Everything's up for debate in the new normal. One day we're up, one day we're down. One day I'm asking about a 6,000 Dow...today, I'm pondering it at 15,000. It seems the world has become inherently volatile, but then you talk to a trader and he tells you that there is no volume. One day it's $40 to fill up your gas tank, one day it's $65. Everybody is feeling the shocks and jolts of the changes around us but nobody can say why for sure.
As the closing bell rung last night, the DJIA had concluded it's best start to a year, since 1999.Again, this information is a tale of two cities, two decidedly different sides of the exact same coin. Having risen 6.4 percent in the first three months of the year, the index of 30 large companies gained 742 points during the rush.
Measured against other first quarters, that's the largest point gain since 1998 and the second best on record.
So can the Dow shoot to 15,000 or even higher? We know full well that both exuberance and fear reach irrational levels pretty quick once the markets begin moving. It seems that the bulls are on the attack and the ghosts of Jordan are blooming with the presence of Rose.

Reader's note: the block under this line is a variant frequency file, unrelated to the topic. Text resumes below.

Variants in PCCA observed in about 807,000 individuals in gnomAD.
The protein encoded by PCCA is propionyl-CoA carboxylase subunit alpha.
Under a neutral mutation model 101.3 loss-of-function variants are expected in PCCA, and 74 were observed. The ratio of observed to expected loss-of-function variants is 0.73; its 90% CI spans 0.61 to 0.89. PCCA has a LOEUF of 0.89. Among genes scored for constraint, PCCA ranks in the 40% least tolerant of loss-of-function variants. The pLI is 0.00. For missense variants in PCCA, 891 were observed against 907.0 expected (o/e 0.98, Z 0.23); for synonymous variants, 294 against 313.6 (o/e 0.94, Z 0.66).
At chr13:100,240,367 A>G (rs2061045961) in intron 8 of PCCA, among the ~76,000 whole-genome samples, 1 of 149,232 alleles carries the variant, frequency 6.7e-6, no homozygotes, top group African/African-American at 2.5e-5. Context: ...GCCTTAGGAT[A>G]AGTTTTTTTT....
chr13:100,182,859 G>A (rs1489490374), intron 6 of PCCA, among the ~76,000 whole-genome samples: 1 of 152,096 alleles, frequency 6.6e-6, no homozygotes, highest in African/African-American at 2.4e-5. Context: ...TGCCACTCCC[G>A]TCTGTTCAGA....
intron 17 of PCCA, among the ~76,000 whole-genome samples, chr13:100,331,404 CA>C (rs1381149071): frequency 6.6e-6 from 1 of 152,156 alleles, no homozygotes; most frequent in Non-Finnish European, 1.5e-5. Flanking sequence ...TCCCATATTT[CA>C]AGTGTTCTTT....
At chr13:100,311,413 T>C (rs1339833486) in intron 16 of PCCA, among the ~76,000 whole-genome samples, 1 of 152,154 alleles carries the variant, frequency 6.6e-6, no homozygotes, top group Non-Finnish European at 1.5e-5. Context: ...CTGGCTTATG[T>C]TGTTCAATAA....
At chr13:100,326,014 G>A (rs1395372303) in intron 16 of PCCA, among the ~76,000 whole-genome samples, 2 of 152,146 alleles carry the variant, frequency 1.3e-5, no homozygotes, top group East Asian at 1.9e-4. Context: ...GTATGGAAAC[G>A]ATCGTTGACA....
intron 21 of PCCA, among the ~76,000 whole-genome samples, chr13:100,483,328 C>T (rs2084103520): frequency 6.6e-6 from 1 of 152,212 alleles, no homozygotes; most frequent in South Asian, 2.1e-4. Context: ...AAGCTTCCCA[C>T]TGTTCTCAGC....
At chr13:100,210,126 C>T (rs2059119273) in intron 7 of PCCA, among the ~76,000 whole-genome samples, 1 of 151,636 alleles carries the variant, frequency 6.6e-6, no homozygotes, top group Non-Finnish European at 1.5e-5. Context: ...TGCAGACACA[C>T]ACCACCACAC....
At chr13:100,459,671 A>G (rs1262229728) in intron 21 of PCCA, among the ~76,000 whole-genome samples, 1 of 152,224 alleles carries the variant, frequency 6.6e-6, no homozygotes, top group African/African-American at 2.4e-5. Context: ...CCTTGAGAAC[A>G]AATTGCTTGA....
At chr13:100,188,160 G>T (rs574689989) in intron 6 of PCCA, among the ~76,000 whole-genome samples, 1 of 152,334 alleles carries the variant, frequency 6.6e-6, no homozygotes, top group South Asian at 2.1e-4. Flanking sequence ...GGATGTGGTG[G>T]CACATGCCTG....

Bulls vs. Bears: Not Just a Chicago Thing
The last run up like this was in '99...you mean when the tech bubble popped? Yes, the Dow is up. QE2 doping is at its East German female swimming apex. Oil prices and global instability are pumping money into American equities. Emerging markets are looking more and more inflationary. This is all horseshit. The unemployment numbers are still lousy. Going from 8.9 to 8.8 is not an improvement. The economy still sucks. The dollar's in the toilet. We're going to see the Dow split in half like Jay Cutler in the crunch...
Daaa Bulls, Daa Bulls, Da Bulls
The economy has been handled well. We have averted the greatest crisis since The Depression. Consumer confidence is coming back. QE 1 and 2 got us through the tough times and are now being withdrawn. The economy is on fundamentally sound footing. The Dow reflects the underlying strength of our industrials sector, minus the pessimism. Europe is in deep trouble. The BRICs are facing the maturity issues of growing economies. The world is reminded why it needs America...
So who is right? Which camp do you fall into? Most importantly, how is your money, hedging your mouth? I am certainly hesitant to recommend anyone buy into the rally at this point. That having been said, I can admit having been wrong in similar situations many times before. I called the tech bust, for example, the problem being I was two years early and left a pile of cash on the table.
We have all learned to be more calculated gamblers over the past few years, but the question still remains: Do you know when to hold'em...and when to fold'em? What's the right play? Where's the Dow headed?